Discussion in 'Prepping Talk' started by Sentry18, May 15, 2018.
We keep a purchased one in the tornado shelter....
Every car has a first aid kit, and a trauma kit. The big first aid box at home has the trauma stuff in the lift out tray, and first aid supplies underneath.
I have a minor first aid kit that I keep handy in the event of minor everyday type injuries. I also have a decent first aid kit in my GHB with a few additional trauma supplies added (hemostatic agent, occlusive chest dressings, and some larger dressings). At home, I have a very comprehensive trauma kit. I don't carry the trauma kit with me around town because we have an excellent EMS service here. The kit is "just in case" EMS is not available or if I am going somewhere without EMS services.
I have a full EMT bag in my closet for my family, a full trauma kit I carry in my range bag, and a workplace first aid kit at my home, where I could care for most of my neighbors if the situation arises to this level. I also carry two large hand made first aid kits in my car, which include yellow body blankets, courtesy of my old police department.
We have a trauma bag that hubby got when he was his stations EMT. We've replaced things as we use them or think they are getting to be to old. I also have a small pharmacy in my bathroom for everything else and small basic first aid kits in each vehicle and squeezed in the backpack I keep my portable nebulizer in.
If you are an "outdoor" type it should be both - never one or the other. First aid kits are used more often but if you do any activity where traumatic damage can happen that first aid kit might not be enough.
I was showing my trauma kit to one of the folk at the range and he convinced the board to get three for the range. The range doesn't have a first aid kit but they now have three trauma kits..??!!
I'd like to see a list of what y'all have in your kits.
@Patchouli I set ours up at home as first responders kit and have a smaller one in the car. When we go out cutting firewood or on country drives we are quite often out of mobile range so we take the first responders kit with us.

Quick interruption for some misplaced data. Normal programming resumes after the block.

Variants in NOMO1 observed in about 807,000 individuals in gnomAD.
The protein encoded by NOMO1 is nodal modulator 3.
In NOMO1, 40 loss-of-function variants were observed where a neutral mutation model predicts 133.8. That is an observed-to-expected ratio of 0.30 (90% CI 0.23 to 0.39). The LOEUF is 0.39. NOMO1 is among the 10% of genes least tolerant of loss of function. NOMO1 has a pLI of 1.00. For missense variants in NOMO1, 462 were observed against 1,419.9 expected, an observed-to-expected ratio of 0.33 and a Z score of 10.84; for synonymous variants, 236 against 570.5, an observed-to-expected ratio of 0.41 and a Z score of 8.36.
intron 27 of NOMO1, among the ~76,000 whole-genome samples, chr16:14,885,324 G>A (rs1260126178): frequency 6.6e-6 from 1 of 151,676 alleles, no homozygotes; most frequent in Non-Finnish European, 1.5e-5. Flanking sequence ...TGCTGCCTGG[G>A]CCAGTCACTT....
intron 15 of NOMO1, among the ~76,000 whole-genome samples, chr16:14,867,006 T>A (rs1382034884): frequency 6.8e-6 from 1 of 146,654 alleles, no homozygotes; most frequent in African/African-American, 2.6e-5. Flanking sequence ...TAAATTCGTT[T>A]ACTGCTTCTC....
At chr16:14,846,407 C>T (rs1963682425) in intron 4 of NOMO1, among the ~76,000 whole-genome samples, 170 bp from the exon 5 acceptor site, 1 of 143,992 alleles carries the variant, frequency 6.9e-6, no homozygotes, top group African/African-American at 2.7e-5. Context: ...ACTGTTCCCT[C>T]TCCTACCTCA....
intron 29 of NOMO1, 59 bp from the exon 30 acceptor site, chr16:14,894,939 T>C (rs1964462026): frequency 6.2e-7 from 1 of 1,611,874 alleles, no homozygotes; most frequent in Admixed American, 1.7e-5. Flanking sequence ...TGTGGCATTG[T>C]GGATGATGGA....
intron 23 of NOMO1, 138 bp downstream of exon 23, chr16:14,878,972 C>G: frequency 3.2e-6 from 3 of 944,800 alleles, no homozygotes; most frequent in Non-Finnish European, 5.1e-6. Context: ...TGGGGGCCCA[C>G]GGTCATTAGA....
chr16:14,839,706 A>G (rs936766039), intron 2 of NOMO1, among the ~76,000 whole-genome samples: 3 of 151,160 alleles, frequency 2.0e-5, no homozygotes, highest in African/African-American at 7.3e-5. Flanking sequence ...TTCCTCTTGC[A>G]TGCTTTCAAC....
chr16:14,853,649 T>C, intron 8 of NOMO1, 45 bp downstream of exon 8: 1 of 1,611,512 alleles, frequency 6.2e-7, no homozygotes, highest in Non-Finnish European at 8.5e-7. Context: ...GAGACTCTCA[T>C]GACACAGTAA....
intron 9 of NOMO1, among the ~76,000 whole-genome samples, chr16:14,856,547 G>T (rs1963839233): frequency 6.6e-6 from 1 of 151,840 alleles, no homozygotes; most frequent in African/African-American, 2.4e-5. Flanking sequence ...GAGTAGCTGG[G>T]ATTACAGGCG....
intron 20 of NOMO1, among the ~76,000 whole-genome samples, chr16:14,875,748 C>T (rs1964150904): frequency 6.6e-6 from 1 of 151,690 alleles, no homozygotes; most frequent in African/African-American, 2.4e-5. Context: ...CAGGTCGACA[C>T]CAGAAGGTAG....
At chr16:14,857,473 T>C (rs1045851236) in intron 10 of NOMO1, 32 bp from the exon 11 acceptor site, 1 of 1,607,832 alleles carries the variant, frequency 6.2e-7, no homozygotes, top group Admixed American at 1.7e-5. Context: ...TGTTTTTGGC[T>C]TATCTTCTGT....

I would recommend looking online at what a first responders kit contains and buy the contents yourself as it is far cheaper than buying a ready made one and the same with a basic first aid kit most of the time too at least here in Australia anyway.
This thread made me check what I keep in my backpack at work. My employer provides a basic first aid kit in every vehicle, so I pack light with mine:
Aspirin and Ibuprofen. (I end up giving most of that away to guys who have hangovers...)
30 band aids
2 large bandages
A roll of stretchy first aid tape
Single use, tear open packets of burn gel, poison ivy gel, and insect bite gel
Bug repellent wipes
This goes with me in my pack, wherever I travel. The only thing I'm missing right now is first aid gloves.
The cars, daypack and my scooter have basic first aid supplies, similar to the J&J. They also have a trauma kit with a quick clot pad, Israeli bandage, tourniquet, gloves, scissors and a space blanket.
The big kit in the shelter room : https://dademoss.smugmug.com/First-aid-kit
Outside compartment is space blankets and a couple triangle bandage, top tray is a tourniquet, shears, 3 Israeli bandages, and 3 Olaes bandages.
The rest of the contents are in the pictures:
I need to add some bug repellant, hand sanitizer and soap.
This is a comprehensive list of our "first aid" kit for home emergencies. You can add to or detract from it to fit your needs. If you have kids or pets you need to add for them.
In any emergency a family member or you yourself may suffer an injury. If you have these basic first aid supplies you are better prepared to help your loved ones when they are hurt.
Knowing how to treat minor injuries can make a difference in an emergency. You may consider taking a first aid class, but simply having the following things can help you stop bleeding, prevent infection and assist in decontamination.
Several pairs of Latex or other sterile gloves if you are allergic to Latex (nitrile)
Sterile dressings to stop bleeding
Cling wrap ( to treat sucking chest wound)
Cleansing agent/soap and antibiotic towelettes
Antibiotic ointment (honey and sugar) to add to ointment for better healing
Burn ointment (water soluble/honey)
Adhesive bandages in a variety of sizes (include butterfly bandages)
Eye wash solution to flush the eyes or as general decontaminate (1 tsp boric acid in 1 cup boiled water)
Prescription medications you take every day such as insulin, heart medicine and asthma inhalers. You should periodically rotate medicines to account for expiration dates.
Prescribed medical supplies such as glucose and blood pressure monitoring equipment and supplies
Aspirin and non-aspirin pain reliever
Oral hydration fluid (or kit containing ½ tsp salt, 6 tsp sugar, ¼ tsp of salt substitute) Package dry ingredients in sealed bags and add to 1 liter purified water (store enough for four liters per day for 2 weeks)
Other first aid supplies:
Tweezers (hemostat and forceps)
Tube of petroleum jelly and/or other lubricant (KY jelly is water soluble)
Supplies for Unique Needs
Contact lenses and supplies
Extra eye glasses
Ask your doctor about storing prescription medications such as heart and high blood pressure medication, insulin and other prescription drugs.
If you live in a cold climate, you must think about warmth. It is possible that you will not have heat. Think about your clothing and bedding supplies. Be sure to include one complete change of clothing and shoes per person, including: Boots, Jacket or coat, Long pants, Long sleeve shirt, and multiple pairs of socks and underwear. Mummy bag sleeping bags rated for -20F)
Added medical supplies:
Wrist, arm, finger and leg splints
Cold and hot pack or rubber hot water bottle
Large wound bandages (disposable diapers, Kotex pads and tampons) sterile pads to stop bleeding)
Triangular bandages (multi-purpose)